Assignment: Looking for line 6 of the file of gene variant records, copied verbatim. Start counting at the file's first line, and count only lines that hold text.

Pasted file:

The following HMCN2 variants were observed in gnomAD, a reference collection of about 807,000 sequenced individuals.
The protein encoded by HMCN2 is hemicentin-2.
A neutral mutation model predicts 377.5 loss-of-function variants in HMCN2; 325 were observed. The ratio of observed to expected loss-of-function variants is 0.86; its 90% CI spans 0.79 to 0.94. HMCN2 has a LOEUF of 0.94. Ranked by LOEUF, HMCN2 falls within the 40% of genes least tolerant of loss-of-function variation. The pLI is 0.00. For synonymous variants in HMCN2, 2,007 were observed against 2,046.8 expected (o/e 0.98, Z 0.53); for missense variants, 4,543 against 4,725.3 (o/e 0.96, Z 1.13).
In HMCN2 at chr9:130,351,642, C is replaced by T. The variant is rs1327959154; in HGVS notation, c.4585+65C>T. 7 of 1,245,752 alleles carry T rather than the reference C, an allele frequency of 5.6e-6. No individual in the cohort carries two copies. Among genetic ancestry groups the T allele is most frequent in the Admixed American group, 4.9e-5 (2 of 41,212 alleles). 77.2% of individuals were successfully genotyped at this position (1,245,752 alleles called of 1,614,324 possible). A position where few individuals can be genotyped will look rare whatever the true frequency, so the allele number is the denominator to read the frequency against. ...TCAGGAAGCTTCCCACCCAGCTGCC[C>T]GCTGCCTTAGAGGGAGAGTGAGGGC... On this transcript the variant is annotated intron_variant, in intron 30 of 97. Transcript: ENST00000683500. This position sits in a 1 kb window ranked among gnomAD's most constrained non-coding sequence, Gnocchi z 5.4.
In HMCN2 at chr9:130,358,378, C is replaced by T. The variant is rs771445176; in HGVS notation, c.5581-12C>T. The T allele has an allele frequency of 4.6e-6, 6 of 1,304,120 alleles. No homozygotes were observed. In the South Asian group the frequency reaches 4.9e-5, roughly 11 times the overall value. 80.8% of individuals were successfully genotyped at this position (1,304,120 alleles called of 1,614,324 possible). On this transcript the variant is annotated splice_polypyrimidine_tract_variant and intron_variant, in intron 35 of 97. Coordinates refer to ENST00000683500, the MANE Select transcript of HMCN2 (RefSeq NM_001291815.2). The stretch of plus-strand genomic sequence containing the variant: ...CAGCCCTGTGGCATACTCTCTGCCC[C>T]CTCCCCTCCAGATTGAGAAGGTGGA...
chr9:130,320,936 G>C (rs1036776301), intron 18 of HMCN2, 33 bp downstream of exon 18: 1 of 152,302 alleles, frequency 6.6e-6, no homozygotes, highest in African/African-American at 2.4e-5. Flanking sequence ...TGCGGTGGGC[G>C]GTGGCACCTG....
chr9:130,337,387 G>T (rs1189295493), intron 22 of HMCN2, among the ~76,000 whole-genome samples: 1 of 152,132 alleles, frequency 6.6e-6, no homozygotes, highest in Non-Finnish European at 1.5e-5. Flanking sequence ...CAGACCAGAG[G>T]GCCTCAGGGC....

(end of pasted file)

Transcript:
chr9:130,320,936 G>C (rs1036776301), intron 18 of HMCN2, 33 bp downstream of exon 18: 1 of 152,302 alleles, frequency 6.6e-6, no homozygotes, highest in African/African-American at 2.4e-5. Flanking sequence ...TGCGGTGGGC[G>C]GTGGCACCTG....